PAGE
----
Unfortunately, the number of galleries that function as anything more than sales outlets can be counted on the fingers of one hand within any one continent – with most playing no role at all in the development of up-and-coming talent or the well-considered, curatorial management of the output of well-established names.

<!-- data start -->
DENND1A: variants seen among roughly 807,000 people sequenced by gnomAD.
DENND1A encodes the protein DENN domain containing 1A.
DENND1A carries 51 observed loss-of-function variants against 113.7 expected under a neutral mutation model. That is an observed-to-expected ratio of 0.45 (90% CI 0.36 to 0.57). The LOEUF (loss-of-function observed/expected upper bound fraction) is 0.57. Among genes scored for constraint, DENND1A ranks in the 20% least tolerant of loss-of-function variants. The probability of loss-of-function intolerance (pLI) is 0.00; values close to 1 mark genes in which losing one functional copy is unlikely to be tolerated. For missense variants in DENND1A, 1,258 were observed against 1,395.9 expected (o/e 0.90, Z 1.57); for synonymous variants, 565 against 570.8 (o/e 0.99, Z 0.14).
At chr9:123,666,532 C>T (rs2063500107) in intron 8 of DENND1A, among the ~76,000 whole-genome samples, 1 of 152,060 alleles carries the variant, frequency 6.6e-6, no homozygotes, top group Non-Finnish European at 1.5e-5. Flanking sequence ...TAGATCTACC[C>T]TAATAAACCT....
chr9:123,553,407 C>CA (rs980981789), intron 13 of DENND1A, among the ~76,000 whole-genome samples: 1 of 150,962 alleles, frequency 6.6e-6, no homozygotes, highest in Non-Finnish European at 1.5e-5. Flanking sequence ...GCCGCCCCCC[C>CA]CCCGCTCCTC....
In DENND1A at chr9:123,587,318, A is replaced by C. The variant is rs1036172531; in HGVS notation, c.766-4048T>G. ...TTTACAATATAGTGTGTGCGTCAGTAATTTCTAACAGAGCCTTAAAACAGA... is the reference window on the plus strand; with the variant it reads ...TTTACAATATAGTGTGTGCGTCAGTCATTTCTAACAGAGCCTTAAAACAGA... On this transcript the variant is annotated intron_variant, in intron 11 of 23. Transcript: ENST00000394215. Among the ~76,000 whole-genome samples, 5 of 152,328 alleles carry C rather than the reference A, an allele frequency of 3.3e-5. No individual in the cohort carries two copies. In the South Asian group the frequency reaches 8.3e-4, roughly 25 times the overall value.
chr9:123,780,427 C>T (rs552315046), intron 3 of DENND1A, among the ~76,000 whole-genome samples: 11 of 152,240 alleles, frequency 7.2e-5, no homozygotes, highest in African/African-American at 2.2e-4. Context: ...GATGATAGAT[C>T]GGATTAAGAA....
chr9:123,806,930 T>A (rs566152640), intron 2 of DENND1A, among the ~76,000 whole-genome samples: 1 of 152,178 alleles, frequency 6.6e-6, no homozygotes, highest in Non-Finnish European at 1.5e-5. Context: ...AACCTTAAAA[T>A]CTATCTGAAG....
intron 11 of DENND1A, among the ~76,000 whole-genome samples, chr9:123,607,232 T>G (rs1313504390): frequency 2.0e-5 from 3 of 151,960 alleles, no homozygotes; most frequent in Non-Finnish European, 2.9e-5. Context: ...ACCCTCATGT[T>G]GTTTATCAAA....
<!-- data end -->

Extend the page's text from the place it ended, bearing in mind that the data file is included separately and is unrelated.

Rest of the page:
Too many galleries are vanity operations set up by clueless amateurs, lured by the illusion that Saatchi-like wealth, fame and social acceptance can be attained by anybody who can rent a few square metres of white-painted wall space. Too many survive not on sales of art but on regular infusions of new capital from inheritances, trust funds or fuck-you-rich partners. Most deserve to fail. The number of gallerists with a thorough knowledge of (let alone real love for) art – such as Stuart Purves and Rex Irwin in Sydney or John Buckley in Melbourne – is dwindling. What we have instead are more 'shop-keepers' who choose what to exhibit using the same, vacuous, trend-driven criteria as interior decorators or comic book traders. Their knowledge is minimal, their discernment unrefined, their sales patter inept. If they have any relationships with press media at all, they're maintained by the occasional, poorly written press release. They also have as little as possible to do with actual artists, most of whom they regard as necessary but unruly evils over whom they need, always, to exert control. The trouble is, most young artists are so clueless about what it takes to manage their own careers, they're quite happy to put them into the hands of any bozo offering their output four walls and a window. They'll even fork over 40 to 60 percent of the pittance they'll earn from sales, most of which will be eroded by promotional expenses (billed to them by the gallery, of course).And yet...As I've written elsewhere here, the ubiquity, speed and complex, no-cost networking capabilities of Web 2.0 is going to radically rupture the traditional relationship between artist and gallery. Unless the gallery can redefine its value as an intermediary – not just between the artist and private, corporate and institutional collectors but also the broader 'cloud' of individualised awareness of the artist's work that constitutes a new form of culture – it's likely to end up a bankrupt and irrelevant concept. Just like a record company.The real substance of commercial and intellectual exchanges in culture is shifting from the traditional bricks-and-mortar of what geeks call 'meat space' to the more adaptable, egalitarian and disintermediated 'virtual space' online. In the latter, artists have an opportunity to be truly independent and self-reliant. However, they have to find the resolve – and the nerve – to seize it, to make the most of it.